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Mini-Course in Visual Communication

A sequence of problems to indoctrinate students in the concept of graphic design as communications


I began constructing this course at the Minneapolis School of Art in 1958. I have taught the course off-and-on ever since. It is most effective taught as a two-semester course. The origins for the course grew out of my education at Yale where Alvin Lustig emphasized Graphic Design as visual communications.
The underlying premise for this course is built on the rationale that poets and writers communicate with words, musicians with sounds and designers with color, shape, and line.

Visual Communications always worked well with other rst-year courses. There was carry-over from basic design, drawing and color. Where other theoretical courses dealt mainly with perceptual qualities, Visual Communications stressed conceptual development. I always thought this course provided a good balance between the two. There is strong evidence that what students do in Visual Communications applies to upper level problems and work following graduation.
Problem Objectives


The theoretical concept is based on direct, as opposed to indirect communications. For example, to communicate cold, you would use colors, shapes and line qualities that reflect the meaning of the word. The image generally is abstract. Indirect communication of cold might be representation of an ice cube or a human gure with wavy lines around it. To read the communication, you rst would have to know what an ice cube was, or that wavy lines are a symbol for shivering which suggests cold. Students quickly discover that a dictionary is a valuable tool for doing visual communication problems. Although this is a form of illustration, it should be stressed to students as communication. Reaction to this course by students has always been good. It is an excellent counterpoint to basic design as it is fast paced, varied in content, challenging and tends to create competition among students to come up with the best solutions.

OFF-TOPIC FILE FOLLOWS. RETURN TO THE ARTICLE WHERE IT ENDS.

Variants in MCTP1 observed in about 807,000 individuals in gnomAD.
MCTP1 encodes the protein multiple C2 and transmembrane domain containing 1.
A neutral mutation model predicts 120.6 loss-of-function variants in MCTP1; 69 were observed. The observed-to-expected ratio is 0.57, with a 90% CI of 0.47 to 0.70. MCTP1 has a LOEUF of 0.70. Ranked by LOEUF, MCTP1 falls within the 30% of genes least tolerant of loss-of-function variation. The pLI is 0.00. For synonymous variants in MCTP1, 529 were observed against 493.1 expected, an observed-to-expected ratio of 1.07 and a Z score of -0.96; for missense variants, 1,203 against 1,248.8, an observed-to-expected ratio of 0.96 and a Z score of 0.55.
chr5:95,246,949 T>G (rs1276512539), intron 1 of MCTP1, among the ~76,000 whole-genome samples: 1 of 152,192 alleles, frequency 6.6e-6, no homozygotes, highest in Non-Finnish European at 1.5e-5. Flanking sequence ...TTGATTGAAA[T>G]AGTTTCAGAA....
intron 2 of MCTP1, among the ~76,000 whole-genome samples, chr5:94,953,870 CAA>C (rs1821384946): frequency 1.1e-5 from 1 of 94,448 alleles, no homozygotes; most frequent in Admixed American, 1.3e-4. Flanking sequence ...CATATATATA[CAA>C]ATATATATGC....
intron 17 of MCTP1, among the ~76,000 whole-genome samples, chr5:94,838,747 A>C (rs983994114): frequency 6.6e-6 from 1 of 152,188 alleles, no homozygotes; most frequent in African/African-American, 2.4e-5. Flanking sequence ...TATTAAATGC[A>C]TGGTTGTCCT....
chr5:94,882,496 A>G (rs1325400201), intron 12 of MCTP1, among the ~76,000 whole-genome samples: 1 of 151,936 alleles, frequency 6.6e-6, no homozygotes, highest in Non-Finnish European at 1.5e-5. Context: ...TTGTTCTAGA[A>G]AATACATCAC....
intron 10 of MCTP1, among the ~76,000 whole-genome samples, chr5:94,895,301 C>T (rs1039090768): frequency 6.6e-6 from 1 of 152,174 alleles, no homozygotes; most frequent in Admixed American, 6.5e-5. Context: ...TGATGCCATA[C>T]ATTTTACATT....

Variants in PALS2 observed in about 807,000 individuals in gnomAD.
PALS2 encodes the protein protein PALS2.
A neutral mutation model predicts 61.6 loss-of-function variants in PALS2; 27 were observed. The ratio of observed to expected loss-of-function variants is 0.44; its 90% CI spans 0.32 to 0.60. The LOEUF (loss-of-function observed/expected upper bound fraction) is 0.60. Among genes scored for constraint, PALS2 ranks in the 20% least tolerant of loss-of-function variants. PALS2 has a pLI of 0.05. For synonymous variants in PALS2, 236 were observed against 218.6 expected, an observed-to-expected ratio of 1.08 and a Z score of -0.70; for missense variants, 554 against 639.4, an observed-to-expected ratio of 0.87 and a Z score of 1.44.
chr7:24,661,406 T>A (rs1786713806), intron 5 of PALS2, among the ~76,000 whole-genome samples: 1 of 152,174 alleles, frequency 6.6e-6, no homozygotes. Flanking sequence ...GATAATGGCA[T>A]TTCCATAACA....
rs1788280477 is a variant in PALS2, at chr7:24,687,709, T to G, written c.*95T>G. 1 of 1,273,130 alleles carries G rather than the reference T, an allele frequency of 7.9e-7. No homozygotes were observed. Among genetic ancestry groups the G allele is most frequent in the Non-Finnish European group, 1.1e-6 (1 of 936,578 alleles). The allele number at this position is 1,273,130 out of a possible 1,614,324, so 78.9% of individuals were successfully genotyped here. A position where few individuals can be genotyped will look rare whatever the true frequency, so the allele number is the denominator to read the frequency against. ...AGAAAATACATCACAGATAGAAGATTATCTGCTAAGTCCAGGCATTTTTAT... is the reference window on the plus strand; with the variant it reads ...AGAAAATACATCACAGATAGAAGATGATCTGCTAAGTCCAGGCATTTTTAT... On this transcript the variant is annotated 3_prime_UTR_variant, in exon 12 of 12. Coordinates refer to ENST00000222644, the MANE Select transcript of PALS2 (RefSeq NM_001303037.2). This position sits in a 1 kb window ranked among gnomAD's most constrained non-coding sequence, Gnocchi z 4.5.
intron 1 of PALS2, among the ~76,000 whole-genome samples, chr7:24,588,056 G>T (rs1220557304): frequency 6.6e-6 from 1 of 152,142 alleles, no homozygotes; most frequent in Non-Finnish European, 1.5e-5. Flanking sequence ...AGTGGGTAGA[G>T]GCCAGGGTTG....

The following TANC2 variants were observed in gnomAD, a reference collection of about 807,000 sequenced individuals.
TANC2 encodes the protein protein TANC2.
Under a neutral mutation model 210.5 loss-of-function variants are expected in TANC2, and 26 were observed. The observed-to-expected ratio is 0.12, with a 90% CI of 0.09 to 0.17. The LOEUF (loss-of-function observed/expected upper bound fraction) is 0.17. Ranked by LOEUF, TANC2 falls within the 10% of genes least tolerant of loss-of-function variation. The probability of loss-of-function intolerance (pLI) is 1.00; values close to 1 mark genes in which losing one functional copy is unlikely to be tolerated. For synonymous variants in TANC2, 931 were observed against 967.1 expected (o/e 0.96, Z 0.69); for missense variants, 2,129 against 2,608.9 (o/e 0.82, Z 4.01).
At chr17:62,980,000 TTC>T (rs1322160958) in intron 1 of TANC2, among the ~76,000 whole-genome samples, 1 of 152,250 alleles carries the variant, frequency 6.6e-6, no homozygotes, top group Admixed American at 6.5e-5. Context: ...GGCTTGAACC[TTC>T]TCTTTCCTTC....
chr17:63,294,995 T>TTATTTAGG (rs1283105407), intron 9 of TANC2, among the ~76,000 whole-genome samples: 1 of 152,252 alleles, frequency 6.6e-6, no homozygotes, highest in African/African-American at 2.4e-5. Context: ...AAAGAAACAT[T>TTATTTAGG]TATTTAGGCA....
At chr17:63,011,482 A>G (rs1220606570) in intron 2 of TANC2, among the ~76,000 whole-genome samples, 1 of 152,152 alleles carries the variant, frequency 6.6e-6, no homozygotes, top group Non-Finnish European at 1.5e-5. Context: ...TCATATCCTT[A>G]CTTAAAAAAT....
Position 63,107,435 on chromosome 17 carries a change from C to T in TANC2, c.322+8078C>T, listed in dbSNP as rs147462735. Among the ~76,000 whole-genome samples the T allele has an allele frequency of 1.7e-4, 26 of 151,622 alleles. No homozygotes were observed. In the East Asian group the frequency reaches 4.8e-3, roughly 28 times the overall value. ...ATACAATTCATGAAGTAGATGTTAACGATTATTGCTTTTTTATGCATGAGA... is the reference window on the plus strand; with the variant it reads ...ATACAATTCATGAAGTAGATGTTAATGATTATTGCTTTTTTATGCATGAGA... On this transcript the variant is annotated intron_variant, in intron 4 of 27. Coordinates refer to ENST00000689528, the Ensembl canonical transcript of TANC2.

Communication through visual images. Graphic Designers should always ask themselves: What am I trying to communicate? Am I communicating that message? Can I communicate more directly and simply? The main emphasis in this course is learning how to develop, explore and evaluate concepts and present them visually. Formal values connected with composition, shapes and color. Formal values should be strongly emphasized in this work. Developing good hand-skills working with cut and torn paper. Learning design process, how to make re nements.

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Cut and torn colored paper. Do not used colored construction paper! Rubber cement, spray mount, scissors, x-acto knife, colored paper similar to Color Aid, and railroad board are the principal tools and materials. Cut and torn paper were chosen as the medium because it prevents students from tickling the image; it forces them to work more abstractly and it is a working process that encourages a great deal of decisionmaking as they lay down and pick up elements before doing the nal design. Also, it is a relatively fast way of making images.
Working Procedures

Working with squares reinforces the premise of abstract communication. The simple addition of color as an added communication device is a small but valuable step. Once the concept of abstract communication is recognized by students, the limitations can gradually be relaxed. I began building a slide le of professional work employing strong communication concepts which periodically was shown to and discussed with students so they might better understand their role as visual communicators. Students keep the work until semester reviews. They are encouraged to do work over, and over again. If students do not do work over, especially weak pieces, for semester review, it should count against them.